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Original article
DOI: 10.1016/j.nefro.2019.01.009
Open Access
Disponible online el 25 de Abril de 2019
Predictive factors of renal impairment in HIV-infected patients on antiretroviral therapy: Results from the VACH longitudinal cohort study
Factores predictivos de insuficiencia renal en pacientes infectados por el VIH que reciben tratamiento antirretroviral: resultados del estudio de cohortes longitudinal VACH
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Pere Domingoa,
Autor para correspondencia
pdomingo@santpau.cat

Corresponding author.
, Ignacio Suarez-Lozanob, Félix Gutierrezc, Vicente Estradad, Hernando Knobele, Rosario Palaciosf, Antonio Antelag, José-Ramón Blancoh, Xavier Fulladosai, on behalf of VACH
a Infectious Diseases Unit, Hospital de la Santa Creu i Sant Pau, Barcelona, Spain
b Infectious Diseases Unit, Hospital Infanta Elena, Huelva, Spain
c Infectious Diseases Unit, Hospital Universitario de Elche, Alicante, Spain
d Infectious Diseases Unit, Hospital Clínico San Carlos, Madrid, Spain
e Infectious Diseases Unit, Hospital del Mar, Barcelona, Spain
f Infectious Diseases Unit, Hospital Universitario Virgen de la Victoria, Malaga, Spain
g Infectious Diseases Unit, Complexo Hospitalario Universitario, Santiago de Compostela, Spain
h Infectious Diseases Unit, Hospital San Pedro, Logroño, Spain
i Nephrology Unit, Hospital Universitario de Bellvitge, Barcelona, Spain
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Recibido 24 enero 2018. Aceptado 14 enero 2019
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Table 1. Main features of the study population and univariate predictive factors for CKD.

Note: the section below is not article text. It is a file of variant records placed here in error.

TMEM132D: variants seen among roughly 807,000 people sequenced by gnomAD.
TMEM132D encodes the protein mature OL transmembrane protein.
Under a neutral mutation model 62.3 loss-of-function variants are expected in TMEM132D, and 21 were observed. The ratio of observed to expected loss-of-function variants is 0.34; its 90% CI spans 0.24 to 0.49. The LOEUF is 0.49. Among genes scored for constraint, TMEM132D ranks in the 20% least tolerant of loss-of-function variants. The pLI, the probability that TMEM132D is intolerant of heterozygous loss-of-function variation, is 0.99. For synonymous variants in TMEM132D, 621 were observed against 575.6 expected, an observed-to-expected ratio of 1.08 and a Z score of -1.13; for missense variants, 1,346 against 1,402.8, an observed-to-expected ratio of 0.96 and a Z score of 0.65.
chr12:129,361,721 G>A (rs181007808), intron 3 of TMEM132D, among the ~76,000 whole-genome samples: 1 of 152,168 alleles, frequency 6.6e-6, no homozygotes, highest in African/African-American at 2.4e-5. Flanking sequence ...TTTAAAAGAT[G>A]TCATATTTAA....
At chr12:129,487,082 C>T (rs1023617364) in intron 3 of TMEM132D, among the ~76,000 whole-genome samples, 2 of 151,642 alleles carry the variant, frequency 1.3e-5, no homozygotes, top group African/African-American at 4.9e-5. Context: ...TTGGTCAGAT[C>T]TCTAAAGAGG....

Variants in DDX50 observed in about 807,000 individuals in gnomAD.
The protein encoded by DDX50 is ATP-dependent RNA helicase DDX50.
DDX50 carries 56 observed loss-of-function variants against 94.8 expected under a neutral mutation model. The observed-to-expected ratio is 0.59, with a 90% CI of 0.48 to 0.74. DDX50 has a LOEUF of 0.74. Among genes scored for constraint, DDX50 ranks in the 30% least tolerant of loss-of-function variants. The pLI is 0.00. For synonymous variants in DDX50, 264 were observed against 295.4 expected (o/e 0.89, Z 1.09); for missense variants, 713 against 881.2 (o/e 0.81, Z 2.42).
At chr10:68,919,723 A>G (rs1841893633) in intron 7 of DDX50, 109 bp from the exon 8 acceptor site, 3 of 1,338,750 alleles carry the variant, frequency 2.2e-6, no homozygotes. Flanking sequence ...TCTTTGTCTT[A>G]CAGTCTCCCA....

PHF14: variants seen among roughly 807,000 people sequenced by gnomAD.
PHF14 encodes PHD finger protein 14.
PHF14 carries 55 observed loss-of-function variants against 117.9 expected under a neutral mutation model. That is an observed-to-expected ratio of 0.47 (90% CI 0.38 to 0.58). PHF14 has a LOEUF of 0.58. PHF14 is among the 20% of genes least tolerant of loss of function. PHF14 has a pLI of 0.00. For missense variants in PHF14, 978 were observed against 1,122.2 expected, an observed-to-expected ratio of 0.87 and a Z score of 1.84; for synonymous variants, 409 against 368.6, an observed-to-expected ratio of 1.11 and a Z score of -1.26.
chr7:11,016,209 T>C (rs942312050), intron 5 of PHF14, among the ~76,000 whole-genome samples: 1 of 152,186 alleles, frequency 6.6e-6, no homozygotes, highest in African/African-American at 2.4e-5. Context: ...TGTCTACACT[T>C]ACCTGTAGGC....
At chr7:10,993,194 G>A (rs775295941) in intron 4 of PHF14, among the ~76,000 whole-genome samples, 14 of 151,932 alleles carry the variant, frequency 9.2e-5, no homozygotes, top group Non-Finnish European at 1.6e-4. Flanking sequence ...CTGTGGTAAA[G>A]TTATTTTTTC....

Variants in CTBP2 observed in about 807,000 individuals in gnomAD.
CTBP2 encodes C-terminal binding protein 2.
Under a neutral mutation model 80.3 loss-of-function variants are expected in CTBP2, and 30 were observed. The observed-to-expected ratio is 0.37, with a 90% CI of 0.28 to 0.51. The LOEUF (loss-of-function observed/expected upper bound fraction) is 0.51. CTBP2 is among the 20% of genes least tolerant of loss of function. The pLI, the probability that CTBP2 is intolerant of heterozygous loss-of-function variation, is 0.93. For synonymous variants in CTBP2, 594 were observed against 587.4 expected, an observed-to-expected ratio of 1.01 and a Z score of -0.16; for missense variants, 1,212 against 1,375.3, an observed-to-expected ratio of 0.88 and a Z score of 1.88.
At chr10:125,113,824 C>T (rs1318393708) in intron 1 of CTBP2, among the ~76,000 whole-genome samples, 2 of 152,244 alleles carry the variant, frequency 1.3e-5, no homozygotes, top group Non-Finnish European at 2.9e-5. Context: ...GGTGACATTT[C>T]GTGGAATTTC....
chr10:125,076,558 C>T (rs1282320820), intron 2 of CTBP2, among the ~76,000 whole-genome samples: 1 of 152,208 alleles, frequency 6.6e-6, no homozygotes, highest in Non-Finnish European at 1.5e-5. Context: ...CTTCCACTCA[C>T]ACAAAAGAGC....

Table 2. Uni- and multivariate logistic regression analysis for predictors of renal impairment in the VACH cohort.
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Abstract
Background

The use of combination antiretroviral therapy has led to dramatic improvements in the life expectancy of HIV-infected persons. As result, the HIV population is aging and increasingly facing illnesses typically seen in the elderly, such as chronic kidney disease (CKD).

Methods

A retrospective longitudinal study was conducted using data from years 2010 and 2014 in all HIV-infected persons enrolled at the Spanish VACH cohort. We analyzed the prevalence and the predictive factors for developing CKD (estimated glomerular filtration rate, eGFR<60mL/min/1.73m2).

Results

The CKD prevalence at baseline was 456/8968, 5.1% [4.6–5.6%]. Of 8512 HIV-positive individuals examined without CKD at baseline (73.7% male, median age 44 years-old), 2.15% developed CKD (eGFR<60mL/min/1.73m2). The odds ratios [95%CI] for the independent predictive factors identified were gender (male) 0.54 [0.39–0.75], age (per year) 1.08 [1.07–1.10], AIDS diagnosis 1.40 [1.03–1.91], protease inhibitor-based regimens 1.49 [1.10–2.02], hypertension 1.37 [0.94–1.99], diabetes 1.84 [1.33–2.55] and history of cardiovascular events 1.66 [0.96–2.86].